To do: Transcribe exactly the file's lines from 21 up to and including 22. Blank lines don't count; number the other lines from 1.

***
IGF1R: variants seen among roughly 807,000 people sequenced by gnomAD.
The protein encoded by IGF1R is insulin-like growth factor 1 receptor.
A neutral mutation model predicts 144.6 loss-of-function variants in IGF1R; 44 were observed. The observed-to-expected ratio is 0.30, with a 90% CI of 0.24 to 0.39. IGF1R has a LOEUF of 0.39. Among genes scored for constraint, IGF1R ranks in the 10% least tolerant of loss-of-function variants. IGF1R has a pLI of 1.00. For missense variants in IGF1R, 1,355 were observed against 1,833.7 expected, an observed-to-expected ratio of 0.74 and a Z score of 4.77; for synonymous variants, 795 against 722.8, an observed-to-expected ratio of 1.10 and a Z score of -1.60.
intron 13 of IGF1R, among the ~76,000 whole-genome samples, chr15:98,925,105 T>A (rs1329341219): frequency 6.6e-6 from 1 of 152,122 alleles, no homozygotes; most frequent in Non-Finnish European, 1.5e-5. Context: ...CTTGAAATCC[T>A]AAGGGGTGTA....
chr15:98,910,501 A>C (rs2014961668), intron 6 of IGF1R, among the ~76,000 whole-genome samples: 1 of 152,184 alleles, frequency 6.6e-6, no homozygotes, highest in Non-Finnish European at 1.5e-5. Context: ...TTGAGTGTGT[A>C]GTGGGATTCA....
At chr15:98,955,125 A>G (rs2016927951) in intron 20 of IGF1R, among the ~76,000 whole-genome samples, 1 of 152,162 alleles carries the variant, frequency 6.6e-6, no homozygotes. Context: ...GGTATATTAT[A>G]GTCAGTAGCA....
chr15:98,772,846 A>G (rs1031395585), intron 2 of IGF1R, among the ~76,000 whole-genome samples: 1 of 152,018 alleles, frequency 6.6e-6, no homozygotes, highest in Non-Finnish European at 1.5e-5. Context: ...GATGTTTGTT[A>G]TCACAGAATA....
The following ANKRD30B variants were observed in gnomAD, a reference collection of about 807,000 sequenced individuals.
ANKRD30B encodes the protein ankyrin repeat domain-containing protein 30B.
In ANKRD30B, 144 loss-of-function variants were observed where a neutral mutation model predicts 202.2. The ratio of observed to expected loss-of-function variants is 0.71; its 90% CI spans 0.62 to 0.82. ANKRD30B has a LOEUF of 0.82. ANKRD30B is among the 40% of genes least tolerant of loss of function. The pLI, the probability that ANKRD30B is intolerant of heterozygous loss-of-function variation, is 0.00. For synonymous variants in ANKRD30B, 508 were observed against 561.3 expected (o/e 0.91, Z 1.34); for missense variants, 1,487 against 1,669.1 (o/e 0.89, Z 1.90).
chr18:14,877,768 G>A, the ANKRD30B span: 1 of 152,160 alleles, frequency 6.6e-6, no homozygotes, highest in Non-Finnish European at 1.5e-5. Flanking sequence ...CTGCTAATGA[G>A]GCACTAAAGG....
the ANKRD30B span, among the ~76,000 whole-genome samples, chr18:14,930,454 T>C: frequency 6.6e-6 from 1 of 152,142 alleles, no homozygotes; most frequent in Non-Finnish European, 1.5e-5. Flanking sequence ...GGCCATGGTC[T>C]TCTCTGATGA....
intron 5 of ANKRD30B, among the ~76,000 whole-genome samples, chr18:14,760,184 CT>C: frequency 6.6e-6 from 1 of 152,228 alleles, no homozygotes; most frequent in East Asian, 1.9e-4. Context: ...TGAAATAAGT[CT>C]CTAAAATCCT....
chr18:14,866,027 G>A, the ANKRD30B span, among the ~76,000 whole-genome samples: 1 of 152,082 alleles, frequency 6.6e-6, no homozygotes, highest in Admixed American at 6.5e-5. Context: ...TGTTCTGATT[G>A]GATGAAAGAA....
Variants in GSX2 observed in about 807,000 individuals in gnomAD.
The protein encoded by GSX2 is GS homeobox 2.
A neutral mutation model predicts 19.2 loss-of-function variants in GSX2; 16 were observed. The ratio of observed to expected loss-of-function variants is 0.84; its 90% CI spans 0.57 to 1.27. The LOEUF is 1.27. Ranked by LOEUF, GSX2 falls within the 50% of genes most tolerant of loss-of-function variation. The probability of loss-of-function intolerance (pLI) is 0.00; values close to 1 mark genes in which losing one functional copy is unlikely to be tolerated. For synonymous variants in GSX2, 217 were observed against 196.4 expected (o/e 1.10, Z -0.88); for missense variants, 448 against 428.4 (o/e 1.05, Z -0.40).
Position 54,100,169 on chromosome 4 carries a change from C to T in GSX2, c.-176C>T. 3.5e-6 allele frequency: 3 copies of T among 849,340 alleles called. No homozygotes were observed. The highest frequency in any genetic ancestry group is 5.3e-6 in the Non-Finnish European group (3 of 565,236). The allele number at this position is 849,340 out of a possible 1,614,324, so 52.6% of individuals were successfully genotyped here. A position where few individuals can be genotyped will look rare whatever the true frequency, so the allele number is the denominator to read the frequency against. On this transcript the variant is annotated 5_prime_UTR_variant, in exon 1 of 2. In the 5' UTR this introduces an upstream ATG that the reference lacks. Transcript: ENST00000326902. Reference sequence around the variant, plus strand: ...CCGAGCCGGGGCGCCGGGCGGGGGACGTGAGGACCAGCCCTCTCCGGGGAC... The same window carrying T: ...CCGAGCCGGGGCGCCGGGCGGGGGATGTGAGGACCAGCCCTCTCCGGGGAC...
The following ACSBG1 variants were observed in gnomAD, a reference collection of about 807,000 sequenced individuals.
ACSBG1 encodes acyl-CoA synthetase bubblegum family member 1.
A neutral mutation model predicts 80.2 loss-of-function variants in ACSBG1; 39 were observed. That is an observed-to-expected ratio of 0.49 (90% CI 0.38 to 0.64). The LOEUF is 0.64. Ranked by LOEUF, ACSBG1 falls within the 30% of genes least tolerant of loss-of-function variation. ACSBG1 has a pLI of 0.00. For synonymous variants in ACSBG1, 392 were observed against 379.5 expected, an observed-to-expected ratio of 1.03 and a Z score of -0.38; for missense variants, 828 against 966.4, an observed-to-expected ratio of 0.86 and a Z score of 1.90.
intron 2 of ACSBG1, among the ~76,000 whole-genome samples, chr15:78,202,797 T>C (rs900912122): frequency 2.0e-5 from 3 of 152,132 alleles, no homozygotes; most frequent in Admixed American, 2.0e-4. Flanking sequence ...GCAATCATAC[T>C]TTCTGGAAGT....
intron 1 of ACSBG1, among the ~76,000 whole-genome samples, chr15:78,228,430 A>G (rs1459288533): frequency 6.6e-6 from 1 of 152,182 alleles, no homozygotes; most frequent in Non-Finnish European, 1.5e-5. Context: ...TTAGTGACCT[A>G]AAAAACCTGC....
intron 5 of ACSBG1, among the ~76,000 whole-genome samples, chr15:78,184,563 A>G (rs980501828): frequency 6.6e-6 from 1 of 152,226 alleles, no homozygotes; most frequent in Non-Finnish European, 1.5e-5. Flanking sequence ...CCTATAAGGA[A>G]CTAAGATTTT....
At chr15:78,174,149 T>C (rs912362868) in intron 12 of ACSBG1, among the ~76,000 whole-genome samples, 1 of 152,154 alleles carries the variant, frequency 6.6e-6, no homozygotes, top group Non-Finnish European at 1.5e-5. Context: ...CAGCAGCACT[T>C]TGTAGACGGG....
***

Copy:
A neutral mutation model predicts 80.2 loss-of-function variants in ACSBG1; 39 were observed. That is an observed-to-expected ratio of 0.49 (90% CI 0.38 to 0.64). The LOEUF is 0.64. Ranked by LOEUF, ACSBG1 falls within the 30% of genes least tolerant of loss-of-function variation. ACSBG1 has a pLI of 0.00. For synonymous variants in ACSBG1, 392 were observed against 379.5 expected, an observed-to-expected ratio of 1.03 and a Z score of -0.38; for missense variants, 828 against 966.4, an observed-to-expected ratio of 0.86 and a Z score of 1.90.
intron 2 of ACSBG1, among the ~76,000 whole-genome samples, chr15:78,202,797 T>C (rs900912122): frequency 2.0e-5 from 3 of 152,132 alleles, no homozygotes; most frequent in Admixed American, 2.0e-4. Flanking sequence ...GCAATCATAC[T>C]TTCTGGAAGT....